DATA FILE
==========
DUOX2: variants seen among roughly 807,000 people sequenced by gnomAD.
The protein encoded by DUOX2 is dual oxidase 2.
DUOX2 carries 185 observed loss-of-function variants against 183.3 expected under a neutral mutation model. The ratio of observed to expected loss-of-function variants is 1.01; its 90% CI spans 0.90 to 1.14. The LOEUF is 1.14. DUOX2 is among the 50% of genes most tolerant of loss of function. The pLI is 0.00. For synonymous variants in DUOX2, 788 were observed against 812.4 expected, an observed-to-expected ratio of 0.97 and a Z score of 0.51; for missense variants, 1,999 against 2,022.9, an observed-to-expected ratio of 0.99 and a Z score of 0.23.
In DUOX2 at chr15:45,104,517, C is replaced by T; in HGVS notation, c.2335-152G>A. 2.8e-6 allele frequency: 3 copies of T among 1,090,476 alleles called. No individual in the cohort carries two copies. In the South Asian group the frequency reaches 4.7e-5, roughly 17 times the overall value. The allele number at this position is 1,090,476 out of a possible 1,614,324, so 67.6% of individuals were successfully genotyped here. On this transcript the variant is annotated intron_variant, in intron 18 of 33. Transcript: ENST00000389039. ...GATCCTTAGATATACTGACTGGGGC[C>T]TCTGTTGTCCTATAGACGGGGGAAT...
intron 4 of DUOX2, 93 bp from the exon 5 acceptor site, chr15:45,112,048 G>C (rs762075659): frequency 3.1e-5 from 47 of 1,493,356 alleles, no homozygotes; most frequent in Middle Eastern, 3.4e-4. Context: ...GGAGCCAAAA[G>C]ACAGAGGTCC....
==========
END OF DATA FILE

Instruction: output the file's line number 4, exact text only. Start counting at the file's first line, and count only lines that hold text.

In DUOX2 at chr15:45,104,517, C is replaced by T; in HGVS notation, c.2335-152G>A. 2.8e-6 allele frequency: 3 copies of T among 1,090,476 alleles called. No individual in the cohort carries two copies. In the South Asian group the frequency reaches 4.7e-5, roughly 17 times the overall value. The allele number at this position is 1,090,476 out of a possible 1,614,324, so 67.6% of individuals were successfully genotyped here. On this transcript the variant is annotated intron_variant, in intron 18 of 33. Transcript: ENST00000389039. ...GATCCTTAGATATACTGACTGGGGC[C>T]TCTGTTGTCCTATAGACGGGGGAAT...